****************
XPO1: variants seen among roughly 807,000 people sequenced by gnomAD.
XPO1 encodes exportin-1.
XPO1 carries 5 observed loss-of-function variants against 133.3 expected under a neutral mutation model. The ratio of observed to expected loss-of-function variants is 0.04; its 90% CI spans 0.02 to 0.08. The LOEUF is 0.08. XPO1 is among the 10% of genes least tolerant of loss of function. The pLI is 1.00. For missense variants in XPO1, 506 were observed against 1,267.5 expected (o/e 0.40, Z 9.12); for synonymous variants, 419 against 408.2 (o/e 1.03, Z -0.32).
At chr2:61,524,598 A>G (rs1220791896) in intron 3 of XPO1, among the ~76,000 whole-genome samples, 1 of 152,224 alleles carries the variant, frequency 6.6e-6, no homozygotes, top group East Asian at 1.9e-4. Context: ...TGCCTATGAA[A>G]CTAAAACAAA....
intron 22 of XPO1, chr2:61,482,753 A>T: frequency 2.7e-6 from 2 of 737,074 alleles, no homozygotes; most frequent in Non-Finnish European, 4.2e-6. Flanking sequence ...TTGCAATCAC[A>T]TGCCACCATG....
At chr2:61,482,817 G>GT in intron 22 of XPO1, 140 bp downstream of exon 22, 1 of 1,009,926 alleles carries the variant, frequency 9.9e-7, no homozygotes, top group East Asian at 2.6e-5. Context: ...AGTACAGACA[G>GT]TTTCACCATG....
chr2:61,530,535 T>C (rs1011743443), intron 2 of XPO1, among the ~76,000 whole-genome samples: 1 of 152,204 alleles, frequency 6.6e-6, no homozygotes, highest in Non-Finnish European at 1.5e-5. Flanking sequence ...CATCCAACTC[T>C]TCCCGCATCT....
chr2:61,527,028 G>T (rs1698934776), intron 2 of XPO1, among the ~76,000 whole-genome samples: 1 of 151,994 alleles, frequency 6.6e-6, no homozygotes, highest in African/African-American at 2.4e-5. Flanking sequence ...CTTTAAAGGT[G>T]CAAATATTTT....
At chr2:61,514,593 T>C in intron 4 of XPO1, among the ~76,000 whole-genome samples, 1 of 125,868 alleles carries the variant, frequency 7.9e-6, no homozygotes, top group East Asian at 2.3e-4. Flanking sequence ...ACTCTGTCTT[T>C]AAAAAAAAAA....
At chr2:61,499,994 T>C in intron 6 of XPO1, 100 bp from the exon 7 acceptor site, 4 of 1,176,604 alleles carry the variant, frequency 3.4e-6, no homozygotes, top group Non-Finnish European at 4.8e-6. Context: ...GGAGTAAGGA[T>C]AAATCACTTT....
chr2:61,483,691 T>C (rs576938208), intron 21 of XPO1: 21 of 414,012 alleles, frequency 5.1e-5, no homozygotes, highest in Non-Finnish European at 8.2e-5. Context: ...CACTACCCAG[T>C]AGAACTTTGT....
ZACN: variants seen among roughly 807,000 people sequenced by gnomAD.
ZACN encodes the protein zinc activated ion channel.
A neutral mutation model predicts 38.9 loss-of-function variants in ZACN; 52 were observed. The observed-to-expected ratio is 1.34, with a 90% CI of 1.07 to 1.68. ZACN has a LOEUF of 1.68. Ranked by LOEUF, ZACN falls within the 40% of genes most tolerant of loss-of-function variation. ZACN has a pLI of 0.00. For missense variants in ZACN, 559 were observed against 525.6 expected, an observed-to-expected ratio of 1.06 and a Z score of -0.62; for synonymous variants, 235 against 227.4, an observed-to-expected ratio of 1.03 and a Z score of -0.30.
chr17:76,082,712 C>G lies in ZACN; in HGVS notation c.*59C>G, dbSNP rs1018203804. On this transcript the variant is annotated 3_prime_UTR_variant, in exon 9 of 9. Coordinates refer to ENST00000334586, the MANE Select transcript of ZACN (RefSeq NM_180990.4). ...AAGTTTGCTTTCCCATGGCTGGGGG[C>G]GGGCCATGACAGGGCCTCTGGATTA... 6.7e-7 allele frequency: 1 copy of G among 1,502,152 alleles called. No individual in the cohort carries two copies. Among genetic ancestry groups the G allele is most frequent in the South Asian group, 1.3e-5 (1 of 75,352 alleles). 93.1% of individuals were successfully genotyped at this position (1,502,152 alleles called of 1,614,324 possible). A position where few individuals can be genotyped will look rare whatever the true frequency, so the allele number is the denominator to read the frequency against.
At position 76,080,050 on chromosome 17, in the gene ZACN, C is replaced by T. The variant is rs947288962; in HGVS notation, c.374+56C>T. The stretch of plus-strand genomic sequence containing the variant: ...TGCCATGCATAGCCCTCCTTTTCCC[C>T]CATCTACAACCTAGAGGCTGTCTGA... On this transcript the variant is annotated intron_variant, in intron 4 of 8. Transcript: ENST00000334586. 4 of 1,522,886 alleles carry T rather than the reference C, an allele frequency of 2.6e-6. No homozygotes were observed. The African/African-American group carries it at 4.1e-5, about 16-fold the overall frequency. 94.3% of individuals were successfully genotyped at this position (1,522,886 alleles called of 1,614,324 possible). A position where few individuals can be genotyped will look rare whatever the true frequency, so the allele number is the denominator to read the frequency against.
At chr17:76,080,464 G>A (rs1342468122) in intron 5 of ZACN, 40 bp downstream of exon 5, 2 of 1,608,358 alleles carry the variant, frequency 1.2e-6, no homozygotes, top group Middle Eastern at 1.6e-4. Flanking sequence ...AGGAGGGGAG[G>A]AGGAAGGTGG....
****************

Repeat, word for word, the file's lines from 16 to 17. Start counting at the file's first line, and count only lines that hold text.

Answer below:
At position 76,080,050 on chromosome 17, in the gene ZACN, C is replaced by T. The variant is rs947288962; in HGVS notation, c.374+56C>T. The stretch of plus-strand genomic sequence containing the variant: ...TGCCATGCATAGCCCTCCTTTTCCC[C>T]CATCTACAACCTAGAGGCTGTCTGA... On this transcript the variant is annotated intron_variant, in intron 4 of 8. Transcript: ENST00000334586. 4 of 1,522,886 alleles carry T rather than the reference C, an allele frequency of 2.6e-6. No homozygotes were observed. The African/African-American group carries it at 4.1e-5, about 16-fold the overall frequency. 94.3% of individuals were successfully genotyped at this position (1,522,886 alleles called of 1,614,324 possible). A position where few individuals can be genotyped will look rare whatever the true frequency, so the allele number is the denominator to read the frequency against.
At chr17:76,080,464 G>A (rs1342468122) in intron 5 of ZACN, 40 bp downstream of exon 5, 2 of 1,608,358 alleles carry the variant, frequency 1.2e-6, no homozygotes, top group Middle Eastern at 1.6e-4. Flanking sequence ...AGGAGGGGAG[G>A]AGGAAGGTGG....